Instead, the decline could partially be explained by the advent of new technologies like cellphones and video games, Butts said.
“When the drug trade changed to texting your dealer for a meeting or a drop point, the risk went down, the exposure went down,” he said. “Another, that I like, is the indoor-outdoor trend in young people. Twenty years ago, if you wanted to have fun, you needed to leave your apartment or house. Now, there’s a lot of fun to be had sitting in your bedroom with your phone or your laptop, interacting with people and there’s just a lot more indoor life for adolescents than there used to be.”
Leaders in several Capital Region police departments expressed surprised at the large drop in arrests but said they had not made any major policies that might help explain the decrease.
Troy Deputy Police Chief Daniel DeWolf said a possible explanation might also be the increase in the use of school resource officers in local schools over the years. The city went from 187 stops involving juvenile criminal activity in 2014 to just 72 in 2018.
“The (arrest) numbers are in your face, there’s half or a third of what there was,” he said.
The resource officers often work to help students they come in contact with find an alternative to an arrest, DeWolf said.
“They’re pretty involved with the student body, in terms of what’s going on at home. It probably does have an impact on it,” he said.
Albany, which had the largest number of juvenile arrests in the region, saw a similar drop. The city had 373 stops involving juvenile criminal activity in 2014. That fell to 132 in 2018.
Deputy Chief Brian Hogan said over the past few years the department began some reforms on its own involving juveniles, including working with local nonprofits to offer services rather than charging them with crimes. Many of them were youths the department had been in contact with before the arrest.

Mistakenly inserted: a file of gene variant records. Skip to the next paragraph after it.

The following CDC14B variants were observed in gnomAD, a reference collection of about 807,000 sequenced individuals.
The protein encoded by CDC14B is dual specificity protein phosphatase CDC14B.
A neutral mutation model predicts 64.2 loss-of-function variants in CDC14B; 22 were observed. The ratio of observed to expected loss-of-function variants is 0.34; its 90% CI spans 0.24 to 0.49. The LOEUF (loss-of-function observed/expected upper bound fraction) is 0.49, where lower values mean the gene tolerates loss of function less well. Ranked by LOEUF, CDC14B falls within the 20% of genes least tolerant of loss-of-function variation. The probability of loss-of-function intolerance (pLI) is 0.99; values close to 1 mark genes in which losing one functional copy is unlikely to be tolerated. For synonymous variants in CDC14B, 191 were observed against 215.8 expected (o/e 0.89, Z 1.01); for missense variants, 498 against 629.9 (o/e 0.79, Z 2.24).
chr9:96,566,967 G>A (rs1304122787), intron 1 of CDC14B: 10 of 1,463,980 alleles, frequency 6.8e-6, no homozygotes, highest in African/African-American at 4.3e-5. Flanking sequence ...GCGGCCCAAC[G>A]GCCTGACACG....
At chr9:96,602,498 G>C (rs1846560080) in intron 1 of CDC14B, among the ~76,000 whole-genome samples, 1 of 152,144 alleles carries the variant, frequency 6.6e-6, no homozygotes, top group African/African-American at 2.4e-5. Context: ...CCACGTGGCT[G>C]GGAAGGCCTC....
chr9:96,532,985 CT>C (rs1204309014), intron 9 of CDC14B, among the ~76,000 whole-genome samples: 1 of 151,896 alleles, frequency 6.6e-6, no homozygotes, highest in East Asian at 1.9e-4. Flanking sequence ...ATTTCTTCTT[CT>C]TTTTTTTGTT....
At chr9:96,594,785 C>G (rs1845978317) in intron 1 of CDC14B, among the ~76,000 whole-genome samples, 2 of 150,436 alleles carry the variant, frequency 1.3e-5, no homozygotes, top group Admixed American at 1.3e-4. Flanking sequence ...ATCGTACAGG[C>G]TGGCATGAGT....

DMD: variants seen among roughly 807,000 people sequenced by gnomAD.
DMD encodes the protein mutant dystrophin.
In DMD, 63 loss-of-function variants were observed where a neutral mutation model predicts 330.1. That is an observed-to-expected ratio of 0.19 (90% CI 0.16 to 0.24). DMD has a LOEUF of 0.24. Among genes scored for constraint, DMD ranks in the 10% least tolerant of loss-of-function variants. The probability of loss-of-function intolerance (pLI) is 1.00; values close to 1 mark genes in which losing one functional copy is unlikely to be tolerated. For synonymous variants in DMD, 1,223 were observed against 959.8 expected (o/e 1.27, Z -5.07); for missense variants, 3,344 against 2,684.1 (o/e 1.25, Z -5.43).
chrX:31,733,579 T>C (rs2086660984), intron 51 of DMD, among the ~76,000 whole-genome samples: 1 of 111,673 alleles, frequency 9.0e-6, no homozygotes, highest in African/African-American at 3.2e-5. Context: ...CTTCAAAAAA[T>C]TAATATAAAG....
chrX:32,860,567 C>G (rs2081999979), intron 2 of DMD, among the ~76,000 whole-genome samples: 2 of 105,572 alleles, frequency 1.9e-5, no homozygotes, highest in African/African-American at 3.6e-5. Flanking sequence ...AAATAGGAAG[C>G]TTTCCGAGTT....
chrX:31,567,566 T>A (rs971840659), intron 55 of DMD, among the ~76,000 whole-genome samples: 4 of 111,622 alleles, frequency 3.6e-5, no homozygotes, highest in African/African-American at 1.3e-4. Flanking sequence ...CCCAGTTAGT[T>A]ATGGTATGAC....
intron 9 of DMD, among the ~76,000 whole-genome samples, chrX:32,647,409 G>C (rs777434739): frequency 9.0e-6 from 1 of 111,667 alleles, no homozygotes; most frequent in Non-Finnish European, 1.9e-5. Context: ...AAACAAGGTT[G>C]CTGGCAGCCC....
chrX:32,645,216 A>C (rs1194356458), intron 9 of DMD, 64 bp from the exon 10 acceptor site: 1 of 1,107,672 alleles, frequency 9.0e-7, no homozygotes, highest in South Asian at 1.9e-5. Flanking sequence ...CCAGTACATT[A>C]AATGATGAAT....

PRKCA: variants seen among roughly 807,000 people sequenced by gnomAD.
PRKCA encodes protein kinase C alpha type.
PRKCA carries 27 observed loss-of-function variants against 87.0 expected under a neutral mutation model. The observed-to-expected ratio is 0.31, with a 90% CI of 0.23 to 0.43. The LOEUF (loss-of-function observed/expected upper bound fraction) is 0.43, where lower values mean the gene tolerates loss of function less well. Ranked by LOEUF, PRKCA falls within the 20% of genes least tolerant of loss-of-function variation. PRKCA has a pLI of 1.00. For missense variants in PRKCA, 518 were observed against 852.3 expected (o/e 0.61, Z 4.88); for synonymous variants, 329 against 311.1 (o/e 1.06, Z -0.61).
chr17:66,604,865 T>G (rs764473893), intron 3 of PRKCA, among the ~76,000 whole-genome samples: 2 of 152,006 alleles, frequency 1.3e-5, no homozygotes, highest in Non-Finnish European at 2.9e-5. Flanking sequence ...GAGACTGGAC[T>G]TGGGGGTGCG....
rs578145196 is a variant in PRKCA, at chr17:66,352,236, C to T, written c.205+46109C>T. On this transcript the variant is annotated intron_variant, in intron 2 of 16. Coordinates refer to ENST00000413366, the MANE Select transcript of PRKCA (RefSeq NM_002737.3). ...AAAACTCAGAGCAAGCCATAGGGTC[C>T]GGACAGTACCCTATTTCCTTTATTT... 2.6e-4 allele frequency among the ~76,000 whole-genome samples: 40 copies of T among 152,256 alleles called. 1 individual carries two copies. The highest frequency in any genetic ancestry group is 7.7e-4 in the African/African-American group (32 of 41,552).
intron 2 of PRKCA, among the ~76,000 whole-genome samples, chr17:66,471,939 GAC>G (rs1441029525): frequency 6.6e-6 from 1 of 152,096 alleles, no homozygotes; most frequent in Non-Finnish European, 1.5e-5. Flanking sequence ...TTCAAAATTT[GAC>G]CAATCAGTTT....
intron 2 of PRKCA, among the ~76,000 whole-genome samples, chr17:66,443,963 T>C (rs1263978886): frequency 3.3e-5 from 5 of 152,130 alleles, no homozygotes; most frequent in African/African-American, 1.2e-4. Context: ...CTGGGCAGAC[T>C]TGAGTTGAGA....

“We had a mobile response team and we deferred some arrests,” he said. “We’re trying to basically divert them from the juvenile justice system.”
The department also has two officers assigned to a program called To Reach and Connect, where officers identified children, such as those who saw domestic violence at home, who might need additional services.
“These guys will go out and try and connect with them and try to change the direction of where they’re going,” Hogan said. “We’re all about, especially someone we haven’t seen before, diverting them before they become someone we see a lot.”
Both Butts and Rahman said the realization that putting juveniles in the criminal justice system can sometimes do more harm than good is likely driving policymakers to look for alternatives. The impacts of putting juveniles in jail can be more harmful than the impact jail has on adults, Rahman said.
“For kids, it’s not losing your job. You literally lose all the people you rely on who help you be yourself: parents, family. You get pulled out of your school. It’s incredibly destabilizing,” she said.
Additionally, more communities are having conversations about what happens when police and juveniles interact, Butts said.
“I don’t think that word ‘over-policing’ would’ve been used 50 years ago. And now we recognize it’s a blunt instrument and sometimes causes harm, so people are more naturally cautious about deploying that tool,” he said.
The willingness to change how youth crimes are dealt with extends beyond police. The family court system, in combination with county probation departments and service agencies, is working to handle young offenders outside a traditional court setting more often, said Judge Anthony McGinty, the Supervising Family Court Judge for the 3rd Judicial District, which several counties, including Albany and Rensselaer.
“The counties are starting to form these collaborative efforts to keep kids out of the justice system,” he said. “Many kids, who in the past would’ve had a case go through the court system, are being offered options to resolve those cases outside the court system through probation-sponsored alternatives.”